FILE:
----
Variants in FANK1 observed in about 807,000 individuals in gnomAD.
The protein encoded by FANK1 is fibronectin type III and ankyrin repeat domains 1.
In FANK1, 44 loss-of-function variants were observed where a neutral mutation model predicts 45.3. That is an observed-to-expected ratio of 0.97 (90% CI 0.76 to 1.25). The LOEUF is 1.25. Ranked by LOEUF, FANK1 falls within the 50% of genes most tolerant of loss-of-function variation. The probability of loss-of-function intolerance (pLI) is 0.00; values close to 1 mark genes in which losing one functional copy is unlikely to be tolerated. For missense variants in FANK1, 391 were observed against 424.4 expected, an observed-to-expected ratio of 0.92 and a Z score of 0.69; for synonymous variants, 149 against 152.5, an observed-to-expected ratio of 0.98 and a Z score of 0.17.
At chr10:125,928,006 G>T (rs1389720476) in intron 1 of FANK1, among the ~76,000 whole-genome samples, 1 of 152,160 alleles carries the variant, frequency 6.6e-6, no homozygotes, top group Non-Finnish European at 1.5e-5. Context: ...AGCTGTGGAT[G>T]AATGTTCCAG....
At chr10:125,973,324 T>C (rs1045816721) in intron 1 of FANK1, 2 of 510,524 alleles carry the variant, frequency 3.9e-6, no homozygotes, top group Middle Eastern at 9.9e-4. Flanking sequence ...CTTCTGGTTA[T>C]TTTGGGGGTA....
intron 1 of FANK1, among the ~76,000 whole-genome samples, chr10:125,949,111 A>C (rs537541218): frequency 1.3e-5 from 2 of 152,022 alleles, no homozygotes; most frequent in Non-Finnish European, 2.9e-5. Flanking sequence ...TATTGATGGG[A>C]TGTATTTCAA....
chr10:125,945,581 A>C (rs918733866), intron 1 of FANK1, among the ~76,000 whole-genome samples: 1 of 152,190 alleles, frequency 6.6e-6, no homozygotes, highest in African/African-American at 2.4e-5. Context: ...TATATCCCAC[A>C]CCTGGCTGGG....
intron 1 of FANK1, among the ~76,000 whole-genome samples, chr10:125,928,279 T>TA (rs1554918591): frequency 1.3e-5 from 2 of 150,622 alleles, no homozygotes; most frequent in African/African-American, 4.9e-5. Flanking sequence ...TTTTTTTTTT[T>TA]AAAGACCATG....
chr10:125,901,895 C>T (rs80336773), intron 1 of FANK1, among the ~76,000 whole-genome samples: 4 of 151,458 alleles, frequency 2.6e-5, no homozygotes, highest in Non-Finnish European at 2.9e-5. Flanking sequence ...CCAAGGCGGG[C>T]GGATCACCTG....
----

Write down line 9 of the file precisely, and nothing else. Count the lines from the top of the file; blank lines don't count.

chr10:125,901,895 C>T (rs80336773), intron 1 of FANK1, among the ~76,000 whole-genome samples: 4 of 151,458 alleles, frequency 2.6e-5, no homozygotes, highest in Non-Finnish European at 2.9e-5. Flanking sequence ...CCAAGGCGGG[C>T]GGATCACCTG....